Thankfully, Michigan State now has time to get healthy for the playoff, where the going gets even tougher.
Assuming the Spartans end up as the No. 4 seed, which should be the case, they will be tasked with stopping Deshaun Watson and the Clemson Tigers, who haven’t lost all year. Watson’s dual-threat skills at quarterback are unrivaled in the nation, and Clemson’s defense is equally unrivaled in terms of pure speed.
The Tigers also shut down the run with regularity, which means Cook might need to be a difference-maker. It’s been rough sledding for the senior quarterback since the second week of November, when he hurt his shoulder. Hopefully the month off between games will give him enough time to get fully healthy.
Michigan State will likely enter the Orange Bowl as overwhelming underdogs, as it should. It’s going to take nothing less than the program’s best game of the season to come out of this one victorious, because Clemson looks unstoppable.
5. Longhorns in good hands with Charlie Strong
It was a long, hard season for Texas football and all its fans. The Longhorns finished with a record of 5-7, missing out on a bowl bid for the first time in five seasons. Sounds bad, right? But things are actually looking up instead of down, and fans should be optimistic about the program’s direction going forward.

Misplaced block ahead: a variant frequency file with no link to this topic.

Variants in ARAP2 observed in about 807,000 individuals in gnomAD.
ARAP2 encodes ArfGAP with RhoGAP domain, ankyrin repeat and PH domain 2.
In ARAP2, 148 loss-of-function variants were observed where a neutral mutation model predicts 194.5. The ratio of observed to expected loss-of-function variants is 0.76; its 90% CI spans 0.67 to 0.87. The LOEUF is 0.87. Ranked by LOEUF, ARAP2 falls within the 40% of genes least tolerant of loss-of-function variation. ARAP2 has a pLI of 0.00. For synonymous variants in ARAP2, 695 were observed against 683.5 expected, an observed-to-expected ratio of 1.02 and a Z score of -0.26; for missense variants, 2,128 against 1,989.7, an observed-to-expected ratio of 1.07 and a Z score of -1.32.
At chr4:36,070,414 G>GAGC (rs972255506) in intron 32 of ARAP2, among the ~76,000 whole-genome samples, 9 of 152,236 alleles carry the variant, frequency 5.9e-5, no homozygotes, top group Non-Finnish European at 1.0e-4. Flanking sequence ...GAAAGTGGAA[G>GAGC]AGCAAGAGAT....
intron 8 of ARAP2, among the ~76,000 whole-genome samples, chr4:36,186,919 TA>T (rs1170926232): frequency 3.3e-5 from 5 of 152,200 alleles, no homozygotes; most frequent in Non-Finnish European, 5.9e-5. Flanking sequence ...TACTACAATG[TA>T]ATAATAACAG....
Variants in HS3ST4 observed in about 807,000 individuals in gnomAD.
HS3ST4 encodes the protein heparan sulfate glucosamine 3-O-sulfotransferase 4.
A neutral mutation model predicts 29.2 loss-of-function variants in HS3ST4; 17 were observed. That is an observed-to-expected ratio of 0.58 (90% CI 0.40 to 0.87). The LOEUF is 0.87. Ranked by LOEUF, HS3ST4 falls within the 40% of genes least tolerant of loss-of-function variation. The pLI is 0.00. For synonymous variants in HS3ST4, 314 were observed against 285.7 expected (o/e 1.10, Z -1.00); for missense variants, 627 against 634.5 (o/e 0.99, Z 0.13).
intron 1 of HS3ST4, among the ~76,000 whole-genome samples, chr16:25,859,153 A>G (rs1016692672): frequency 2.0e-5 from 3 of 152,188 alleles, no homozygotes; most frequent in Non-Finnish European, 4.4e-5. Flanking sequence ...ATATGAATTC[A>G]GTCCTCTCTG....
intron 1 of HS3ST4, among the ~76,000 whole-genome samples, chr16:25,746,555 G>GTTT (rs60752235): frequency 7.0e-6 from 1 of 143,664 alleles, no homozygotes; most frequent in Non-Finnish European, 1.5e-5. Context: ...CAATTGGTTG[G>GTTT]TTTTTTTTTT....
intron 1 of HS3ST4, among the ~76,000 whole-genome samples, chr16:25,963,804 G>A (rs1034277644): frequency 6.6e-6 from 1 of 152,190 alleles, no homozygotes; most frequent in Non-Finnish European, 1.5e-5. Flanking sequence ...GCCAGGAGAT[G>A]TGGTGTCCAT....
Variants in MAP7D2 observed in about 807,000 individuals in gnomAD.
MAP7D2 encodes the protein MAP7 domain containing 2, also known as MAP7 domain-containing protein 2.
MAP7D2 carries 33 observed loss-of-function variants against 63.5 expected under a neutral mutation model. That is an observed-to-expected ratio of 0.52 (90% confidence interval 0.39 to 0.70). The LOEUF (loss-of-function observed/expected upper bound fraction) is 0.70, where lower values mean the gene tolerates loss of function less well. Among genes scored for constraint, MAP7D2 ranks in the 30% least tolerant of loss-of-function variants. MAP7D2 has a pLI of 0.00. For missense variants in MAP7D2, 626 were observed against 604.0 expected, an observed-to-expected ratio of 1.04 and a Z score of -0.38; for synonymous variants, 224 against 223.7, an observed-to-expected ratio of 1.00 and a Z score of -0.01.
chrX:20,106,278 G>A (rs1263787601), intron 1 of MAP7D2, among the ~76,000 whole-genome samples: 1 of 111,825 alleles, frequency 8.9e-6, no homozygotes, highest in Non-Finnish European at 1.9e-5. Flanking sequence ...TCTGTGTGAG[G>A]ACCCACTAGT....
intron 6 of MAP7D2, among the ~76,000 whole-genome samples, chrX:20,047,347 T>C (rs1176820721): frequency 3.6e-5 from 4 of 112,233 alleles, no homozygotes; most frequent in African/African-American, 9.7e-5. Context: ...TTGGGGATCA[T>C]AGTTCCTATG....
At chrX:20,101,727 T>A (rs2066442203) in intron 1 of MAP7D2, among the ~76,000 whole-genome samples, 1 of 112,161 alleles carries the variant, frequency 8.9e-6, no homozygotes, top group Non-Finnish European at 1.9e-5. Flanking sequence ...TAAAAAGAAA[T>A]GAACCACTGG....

Just like they did against Oklahoma in Week 6, the Longhorns played their hearts out while ripping the heart out of their opponent, defeating Baylor (No. 12) by a score of 23-17. With the win, Texas defeated its second top-12 team this year, which is significant.
#Texas upsets No. 12 Baylor. Charlie Strong goes 5-7 but w/ wins over 2 top 12 teams–as many as Mack Brown had in his last 4 yrs at Texas.
— Bruce Feldman (@BruceFeldmanCFB) December 5, 2015
Texas has a lot of work to catch up to the top teams in the Big 12, but at this point it’s clear the program is in good hands with Strong. He’s gotten his players to play hard all year, despite being outgunned on many occasions.
Injuries and poor recruiting during predecessor Mack Brown’s final years set Texas back big time in 2015. But with a few changes — primarily on the offensive side, where a fresh approach and an infusion of talent is clearly needed — the Longhorns should become respectable once again the next couple of seasons.
6. Christian McCaffrey’s statement game means Derrick Henry is no lock to win the Heisman
After Henry’s performance against Florida Saturday, it seemed clear the 2015 Heisman Trophy belonged to him. Churning out 189 yards and one touchdown on 44 bruising carries, Henry heads into New York with the nation’s top totals in rushing yards (1,986) and touchdowns (23).